Notochords were the first "backbones", as well, serving as support structures in chordates that lacked a bony skeleton. The very first vertebrates, such as Haikouicthys, had only a notochord. Embryos of vertebrates have notochords today, as embryonic development often happens to follow a pattern similar to the ancestral evolution of the modern animal's traits. Notochords were advantageous to primitive fish-ancestors because they were a rigid structure for muscle attachment, yet flexible enough to allow more movement than, for example, the exoskeleton of the dominant animals of that time. In humans, they eventually develop into the nucleus pulposus of the intervertebral discs.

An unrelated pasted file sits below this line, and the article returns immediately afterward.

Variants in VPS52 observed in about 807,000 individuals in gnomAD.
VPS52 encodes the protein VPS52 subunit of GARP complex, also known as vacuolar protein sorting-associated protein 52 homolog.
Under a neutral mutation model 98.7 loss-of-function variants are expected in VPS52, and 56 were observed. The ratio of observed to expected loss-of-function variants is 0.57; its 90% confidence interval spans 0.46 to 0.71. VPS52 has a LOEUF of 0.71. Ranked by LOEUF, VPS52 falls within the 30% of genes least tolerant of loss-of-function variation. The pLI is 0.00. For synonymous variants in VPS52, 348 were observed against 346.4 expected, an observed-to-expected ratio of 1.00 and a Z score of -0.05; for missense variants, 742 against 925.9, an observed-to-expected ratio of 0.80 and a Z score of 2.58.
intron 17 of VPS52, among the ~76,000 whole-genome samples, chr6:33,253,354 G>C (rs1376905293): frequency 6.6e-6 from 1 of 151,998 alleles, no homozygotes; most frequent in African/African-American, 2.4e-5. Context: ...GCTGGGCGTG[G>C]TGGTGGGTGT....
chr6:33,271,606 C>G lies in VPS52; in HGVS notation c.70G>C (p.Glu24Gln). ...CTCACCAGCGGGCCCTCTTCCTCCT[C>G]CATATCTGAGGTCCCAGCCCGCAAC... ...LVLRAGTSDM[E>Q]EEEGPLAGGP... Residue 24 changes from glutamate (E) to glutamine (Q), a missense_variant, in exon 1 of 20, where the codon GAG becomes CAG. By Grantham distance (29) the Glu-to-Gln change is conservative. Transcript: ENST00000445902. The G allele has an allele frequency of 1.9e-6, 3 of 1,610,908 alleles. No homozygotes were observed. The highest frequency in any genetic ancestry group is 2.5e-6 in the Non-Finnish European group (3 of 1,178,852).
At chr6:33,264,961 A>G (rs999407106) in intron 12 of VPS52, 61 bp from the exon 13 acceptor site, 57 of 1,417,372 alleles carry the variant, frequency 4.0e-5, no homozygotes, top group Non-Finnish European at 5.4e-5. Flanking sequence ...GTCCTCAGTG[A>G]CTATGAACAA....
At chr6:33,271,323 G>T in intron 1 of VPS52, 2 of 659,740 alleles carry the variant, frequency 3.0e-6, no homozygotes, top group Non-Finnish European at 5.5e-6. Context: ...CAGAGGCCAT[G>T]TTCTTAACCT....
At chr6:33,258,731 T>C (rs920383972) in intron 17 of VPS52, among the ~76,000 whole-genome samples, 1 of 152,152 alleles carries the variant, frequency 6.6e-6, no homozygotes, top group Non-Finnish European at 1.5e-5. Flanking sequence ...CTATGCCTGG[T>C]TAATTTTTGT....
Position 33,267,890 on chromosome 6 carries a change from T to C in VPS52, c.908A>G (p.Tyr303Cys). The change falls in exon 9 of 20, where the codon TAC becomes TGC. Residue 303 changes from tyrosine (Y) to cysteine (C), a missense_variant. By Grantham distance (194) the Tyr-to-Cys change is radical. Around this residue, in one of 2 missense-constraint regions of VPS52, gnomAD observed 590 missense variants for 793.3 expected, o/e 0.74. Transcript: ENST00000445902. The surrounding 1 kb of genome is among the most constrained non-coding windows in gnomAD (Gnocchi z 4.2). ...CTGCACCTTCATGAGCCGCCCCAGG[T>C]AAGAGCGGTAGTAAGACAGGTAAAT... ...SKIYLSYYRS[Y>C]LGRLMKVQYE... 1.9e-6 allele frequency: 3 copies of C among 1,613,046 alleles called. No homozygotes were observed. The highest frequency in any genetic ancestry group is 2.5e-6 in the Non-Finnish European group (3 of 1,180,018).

The notochord secretes a protein called sonic hedgehog homolog (SHH), a key morphogen regulating organogenesis and having a critical role in signaling the development of motoneurons. The secretion of SHH by the notochord establishes the ventral pole of the dorsal-ventral axis in the developing embryo.
Continued growth and cell proliferation into adulthood in the notochord of the appendicularian Oikopleura dioica.(Author abstract)
Feb 01, 2008; Introduction The subphylum Urochordata (or Tunicata) of the phylum Chordata includes three classes: Ascidiacea, Thaliacea, and...